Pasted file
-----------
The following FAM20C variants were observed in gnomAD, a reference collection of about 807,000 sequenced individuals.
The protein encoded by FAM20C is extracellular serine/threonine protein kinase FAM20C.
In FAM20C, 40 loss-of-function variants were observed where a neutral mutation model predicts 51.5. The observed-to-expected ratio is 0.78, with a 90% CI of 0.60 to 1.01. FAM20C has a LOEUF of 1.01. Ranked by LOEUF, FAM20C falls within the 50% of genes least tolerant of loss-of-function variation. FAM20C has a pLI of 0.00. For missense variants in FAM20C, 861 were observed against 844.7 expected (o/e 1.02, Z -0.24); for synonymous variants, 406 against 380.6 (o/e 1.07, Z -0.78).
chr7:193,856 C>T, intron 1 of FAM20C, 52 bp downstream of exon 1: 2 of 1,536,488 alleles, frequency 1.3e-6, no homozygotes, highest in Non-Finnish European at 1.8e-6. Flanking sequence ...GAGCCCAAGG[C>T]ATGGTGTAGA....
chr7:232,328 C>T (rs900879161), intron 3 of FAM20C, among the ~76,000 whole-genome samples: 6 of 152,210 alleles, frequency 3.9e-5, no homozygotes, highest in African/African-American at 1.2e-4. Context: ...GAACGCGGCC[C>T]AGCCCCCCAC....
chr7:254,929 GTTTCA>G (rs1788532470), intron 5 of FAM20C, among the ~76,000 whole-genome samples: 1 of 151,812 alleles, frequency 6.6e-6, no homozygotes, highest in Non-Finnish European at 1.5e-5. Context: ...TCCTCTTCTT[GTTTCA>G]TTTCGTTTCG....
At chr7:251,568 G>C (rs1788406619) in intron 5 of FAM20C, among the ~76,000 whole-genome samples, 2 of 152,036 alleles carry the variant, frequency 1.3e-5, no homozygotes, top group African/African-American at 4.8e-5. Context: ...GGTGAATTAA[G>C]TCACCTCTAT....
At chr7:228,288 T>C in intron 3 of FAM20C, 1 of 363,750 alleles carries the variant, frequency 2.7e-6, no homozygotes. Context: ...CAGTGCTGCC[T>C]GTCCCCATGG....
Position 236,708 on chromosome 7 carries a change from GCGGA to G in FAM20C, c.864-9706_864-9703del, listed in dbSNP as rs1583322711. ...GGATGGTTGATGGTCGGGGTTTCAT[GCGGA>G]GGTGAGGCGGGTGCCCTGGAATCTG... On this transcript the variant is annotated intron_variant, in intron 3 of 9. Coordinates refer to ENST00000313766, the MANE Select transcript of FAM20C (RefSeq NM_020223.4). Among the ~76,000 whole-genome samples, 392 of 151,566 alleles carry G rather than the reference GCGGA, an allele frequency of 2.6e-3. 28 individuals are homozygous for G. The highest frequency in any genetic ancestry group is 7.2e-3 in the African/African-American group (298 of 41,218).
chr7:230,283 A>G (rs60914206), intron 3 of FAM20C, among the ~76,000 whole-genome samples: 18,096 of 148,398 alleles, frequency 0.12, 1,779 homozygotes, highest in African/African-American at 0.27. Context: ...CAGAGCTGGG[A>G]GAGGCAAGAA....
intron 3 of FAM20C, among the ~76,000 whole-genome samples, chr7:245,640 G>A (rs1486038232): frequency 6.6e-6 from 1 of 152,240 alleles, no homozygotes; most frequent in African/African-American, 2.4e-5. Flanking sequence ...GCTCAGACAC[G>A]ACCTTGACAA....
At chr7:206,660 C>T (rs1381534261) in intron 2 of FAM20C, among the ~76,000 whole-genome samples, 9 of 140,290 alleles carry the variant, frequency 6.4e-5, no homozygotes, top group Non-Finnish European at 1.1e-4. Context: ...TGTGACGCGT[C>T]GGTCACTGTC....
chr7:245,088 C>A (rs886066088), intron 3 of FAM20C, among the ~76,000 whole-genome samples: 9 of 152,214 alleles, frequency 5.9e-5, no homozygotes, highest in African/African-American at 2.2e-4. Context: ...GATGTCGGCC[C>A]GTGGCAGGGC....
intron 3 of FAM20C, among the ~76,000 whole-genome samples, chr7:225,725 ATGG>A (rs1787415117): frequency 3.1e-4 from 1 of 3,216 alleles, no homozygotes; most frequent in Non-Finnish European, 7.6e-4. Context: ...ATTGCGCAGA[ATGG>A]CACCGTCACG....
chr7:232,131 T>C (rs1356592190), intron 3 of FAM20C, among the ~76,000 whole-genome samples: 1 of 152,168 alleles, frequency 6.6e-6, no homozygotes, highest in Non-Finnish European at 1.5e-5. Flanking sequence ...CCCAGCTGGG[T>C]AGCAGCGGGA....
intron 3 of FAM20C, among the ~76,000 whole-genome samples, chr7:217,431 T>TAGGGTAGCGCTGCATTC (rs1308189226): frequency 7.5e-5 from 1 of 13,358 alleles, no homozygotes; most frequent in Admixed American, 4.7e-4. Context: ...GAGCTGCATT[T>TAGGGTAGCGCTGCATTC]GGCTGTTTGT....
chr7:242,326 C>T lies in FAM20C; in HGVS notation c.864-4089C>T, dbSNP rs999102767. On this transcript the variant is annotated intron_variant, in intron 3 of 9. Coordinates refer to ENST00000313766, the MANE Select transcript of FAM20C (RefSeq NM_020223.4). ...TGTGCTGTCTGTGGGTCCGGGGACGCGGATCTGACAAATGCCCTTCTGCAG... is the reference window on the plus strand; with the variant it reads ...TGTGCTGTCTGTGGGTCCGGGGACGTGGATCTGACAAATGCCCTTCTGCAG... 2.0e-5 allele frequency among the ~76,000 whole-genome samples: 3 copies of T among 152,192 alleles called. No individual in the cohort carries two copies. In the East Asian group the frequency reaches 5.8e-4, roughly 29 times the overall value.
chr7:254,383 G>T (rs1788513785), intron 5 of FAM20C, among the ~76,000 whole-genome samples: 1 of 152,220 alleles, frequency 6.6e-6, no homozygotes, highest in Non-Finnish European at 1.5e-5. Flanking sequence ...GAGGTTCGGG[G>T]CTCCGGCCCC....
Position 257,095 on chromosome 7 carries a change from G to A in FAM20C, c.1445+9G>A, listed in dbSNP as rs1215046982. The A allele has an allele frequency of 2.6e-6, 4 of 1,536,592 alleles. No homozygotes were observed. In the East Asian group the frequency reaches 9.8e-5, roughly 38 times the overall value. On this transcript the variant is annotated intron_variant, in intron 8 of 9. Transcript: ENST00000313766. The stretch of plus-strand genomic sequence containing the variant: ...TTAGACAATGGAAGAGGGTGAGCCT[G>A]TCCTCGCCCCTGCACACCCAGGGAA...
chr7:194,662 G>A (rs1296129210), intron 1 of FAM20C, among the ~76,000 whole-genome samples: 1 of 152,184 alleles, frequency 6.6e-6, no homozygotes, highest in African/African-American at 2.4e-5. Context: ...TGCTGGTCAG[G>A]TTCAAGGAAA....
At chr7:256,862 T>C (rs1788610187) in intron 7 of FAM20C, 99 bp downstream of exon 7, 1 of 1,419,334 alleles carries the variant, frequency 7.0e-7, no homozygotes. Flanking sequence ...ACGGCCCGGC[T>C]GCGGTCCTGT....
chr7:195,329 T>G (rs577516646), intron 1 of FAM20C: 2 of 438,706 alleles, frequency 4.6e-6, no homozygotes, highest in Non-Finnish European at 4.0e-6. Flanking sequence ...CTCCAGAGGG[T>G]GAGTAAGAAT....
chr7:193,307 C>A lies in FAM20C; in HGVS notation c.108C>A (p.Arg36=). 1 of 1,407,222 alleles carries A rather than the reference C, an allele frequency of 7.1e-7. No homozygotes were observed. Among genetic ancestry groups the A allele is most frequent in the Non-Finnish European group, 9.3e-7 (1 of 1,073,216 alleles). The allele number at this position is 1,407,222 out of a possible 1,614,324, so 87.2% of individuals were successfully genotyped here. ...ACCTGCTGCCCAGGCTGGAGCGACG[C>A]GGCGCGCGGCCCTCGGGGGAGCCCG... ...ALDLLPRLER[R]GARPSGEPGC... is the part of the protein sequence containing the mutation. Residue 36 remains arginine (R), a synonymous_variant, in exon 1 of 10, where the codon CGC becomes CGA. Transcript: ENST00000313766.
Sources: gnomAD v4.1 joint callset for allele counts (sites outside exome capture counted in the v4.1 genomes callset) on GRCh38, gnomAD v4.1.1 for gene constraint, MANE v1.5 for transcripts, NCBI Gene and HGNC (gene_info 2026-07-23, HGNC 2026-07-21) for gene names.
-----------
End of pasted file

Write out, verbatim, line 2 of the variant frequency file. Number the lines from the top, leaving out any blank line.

The protein encoded by FAM20C is extracellular serine/threonine protein kinase FAM20C.